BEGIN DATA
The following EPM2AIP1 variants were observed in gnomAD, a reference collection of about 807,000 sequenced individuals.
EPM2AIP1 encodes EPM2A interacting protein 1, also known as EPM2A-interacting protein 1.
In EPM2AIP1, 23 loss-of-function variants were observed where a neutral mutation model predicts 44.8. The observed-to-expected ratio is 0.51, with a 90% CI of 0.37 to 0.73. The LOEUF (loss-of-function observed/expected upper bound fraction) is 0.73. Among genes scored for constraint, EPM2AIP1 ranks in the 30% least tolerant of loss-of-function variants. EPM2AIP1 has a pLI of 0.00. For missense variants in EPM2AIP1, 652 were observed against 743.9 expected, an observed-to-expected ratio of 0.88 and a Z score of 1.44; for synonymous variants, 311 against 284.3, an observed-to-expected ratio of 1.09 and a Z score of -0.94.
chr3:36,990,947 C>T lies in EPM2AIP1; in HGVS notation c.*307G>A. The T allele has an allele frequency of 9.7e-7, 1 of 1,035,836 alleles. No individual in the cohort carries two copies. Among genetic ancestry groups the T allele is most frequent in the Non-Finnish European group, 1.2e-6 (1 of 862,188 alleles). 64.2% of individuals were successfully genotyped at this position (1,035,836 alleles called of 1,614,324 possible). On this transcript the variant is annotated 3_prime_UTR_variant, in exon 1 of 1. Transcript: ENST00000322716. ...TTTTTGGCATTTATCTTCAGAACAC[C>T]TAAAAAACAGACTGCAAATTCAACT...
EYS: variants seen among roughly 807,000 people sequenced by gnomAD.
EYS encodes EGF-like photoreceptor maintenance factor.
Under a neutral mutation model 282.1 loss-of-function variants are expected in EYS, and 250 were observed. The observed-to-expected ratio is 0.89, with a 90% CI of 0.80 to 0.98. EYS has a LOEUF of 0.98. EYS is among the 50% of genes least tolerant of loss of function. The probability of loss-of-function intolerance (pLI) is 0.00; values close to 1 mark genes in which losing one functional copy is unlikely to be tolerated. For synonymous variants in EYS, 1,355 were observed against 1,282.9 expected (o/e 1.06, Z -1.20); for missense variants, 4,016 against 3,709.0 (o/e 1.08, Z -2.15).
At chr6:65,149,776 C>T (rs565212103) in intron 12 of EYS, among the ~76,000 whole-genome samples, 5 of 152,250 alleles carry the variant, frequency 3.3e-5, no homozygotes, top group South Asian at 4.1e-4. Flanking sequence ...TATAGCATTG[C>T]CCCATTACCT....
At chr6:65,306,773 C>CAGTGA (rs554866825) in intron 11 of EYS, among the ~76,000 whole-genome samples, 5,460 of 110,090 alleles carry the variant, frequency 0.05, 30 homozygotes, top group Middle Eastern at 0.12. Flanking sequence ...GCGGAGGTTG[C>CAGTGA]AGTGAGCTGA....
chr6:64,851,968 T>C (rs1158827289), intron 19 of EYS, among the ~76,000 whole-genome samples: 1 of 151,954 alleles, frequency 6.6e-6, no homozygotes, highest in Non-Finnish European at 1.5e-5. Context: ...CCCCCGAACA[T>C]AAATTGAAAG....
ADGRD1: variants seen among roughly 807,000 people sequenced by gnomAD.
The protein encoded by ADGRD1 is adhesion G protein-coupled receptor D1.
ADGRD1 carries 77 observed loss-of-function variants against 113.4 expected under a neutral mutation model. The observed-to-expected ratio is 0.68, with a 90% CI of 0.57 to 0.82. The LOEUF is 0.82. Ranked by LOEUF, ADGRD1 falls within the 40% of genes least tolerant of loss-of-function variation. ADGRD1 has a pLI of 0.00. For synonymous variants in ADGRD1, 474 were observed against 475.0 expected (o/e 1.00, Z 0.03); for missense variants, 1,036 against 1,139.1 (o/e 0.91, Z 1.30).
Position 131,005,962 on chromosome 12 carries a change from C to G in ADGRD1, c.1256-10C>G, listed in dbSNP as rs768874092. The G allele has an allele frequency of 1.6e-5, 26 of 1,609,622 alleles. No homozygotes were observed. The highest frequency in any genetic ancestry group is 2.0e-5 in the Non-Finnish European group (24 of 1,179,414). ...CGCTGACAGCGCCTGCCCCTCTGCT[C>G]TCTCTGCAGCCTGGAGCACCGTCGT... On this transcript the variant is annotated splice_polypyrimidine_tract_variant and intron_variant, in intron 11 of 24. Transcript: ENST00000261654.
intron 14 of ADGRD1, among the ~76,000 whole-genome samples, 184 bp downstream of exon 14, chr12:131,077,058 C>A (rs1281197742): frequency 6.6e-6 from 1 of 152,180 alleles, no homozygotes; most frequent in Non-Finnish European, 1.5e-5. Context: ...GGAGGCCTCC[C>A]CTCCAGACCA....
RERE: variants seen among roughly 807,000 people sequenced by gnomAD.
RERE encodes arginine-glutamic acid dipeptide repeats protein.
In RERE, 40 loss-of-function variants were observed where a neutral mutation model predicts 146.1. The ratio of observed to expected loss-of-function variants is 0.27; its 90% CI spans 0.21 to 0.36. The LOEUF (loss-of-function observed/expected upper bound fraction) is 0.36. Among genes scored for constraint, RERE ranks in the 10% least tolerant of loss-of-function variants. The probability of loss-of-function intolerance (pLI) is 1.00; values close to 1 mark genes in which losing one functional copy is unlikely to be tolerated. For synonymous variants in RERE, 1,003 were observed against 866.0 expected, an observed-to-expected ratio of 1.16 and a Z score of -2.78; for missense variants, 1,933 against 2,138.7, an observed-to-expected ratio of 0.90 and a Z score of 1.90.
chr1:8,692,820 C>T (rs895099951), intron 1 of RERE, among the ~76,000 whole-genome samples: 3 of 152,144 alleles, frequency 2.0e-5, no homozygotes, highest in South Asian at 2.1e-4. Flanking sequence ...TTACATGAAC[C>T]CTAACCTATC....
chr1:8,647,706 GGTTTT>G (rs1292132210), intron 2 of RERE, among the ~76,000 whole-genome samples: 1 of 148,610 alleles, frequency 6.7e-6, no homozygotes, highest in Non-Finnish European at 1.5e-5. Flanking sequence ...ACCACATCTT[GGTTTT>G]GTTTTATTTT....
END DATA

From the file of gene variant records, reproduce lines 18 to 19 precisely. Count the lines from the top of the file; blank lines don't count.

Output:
In RERE, 40 loss-of-function variants were observed where a neutral mutation model predicts 146.1. The ratio of observed to expected loss-of-function variants is 0.27; its 90% CI spans 0.21 to 0.36. The LOEUF (loss-of-function observed/expected upper bound fraction) is 0.36. Among genes scored for constraint, RERE ranks in the 10% least tolerant of loss-of-function variants. The probability of loss-of-function intolerance (pLI) is 1.00; values close to 1 mark genes in which losing one functional copy is unlikely to be tolerated. For synonymous variants in RERE, 1,003 were observed against 866.0 expected, an observed-to-expected ratio of 1.16 and a Z score of -2.78; for missense variants, 1,933 against 2,138.7, an observed-to-expected ratio of 0.90 and a Z score of 1.90.
chr1:8,692,820 C>T (rs895099951), intron 1 of RERE, among the ~76,000 whole-genome samples: 3 of 152,144 alleles, frequency 2.0e-5, no homozygotes, highest in South Asian at 2.1e-4. Flanking sequence ...TTACATGAAC[C>T]CTAACCTATC....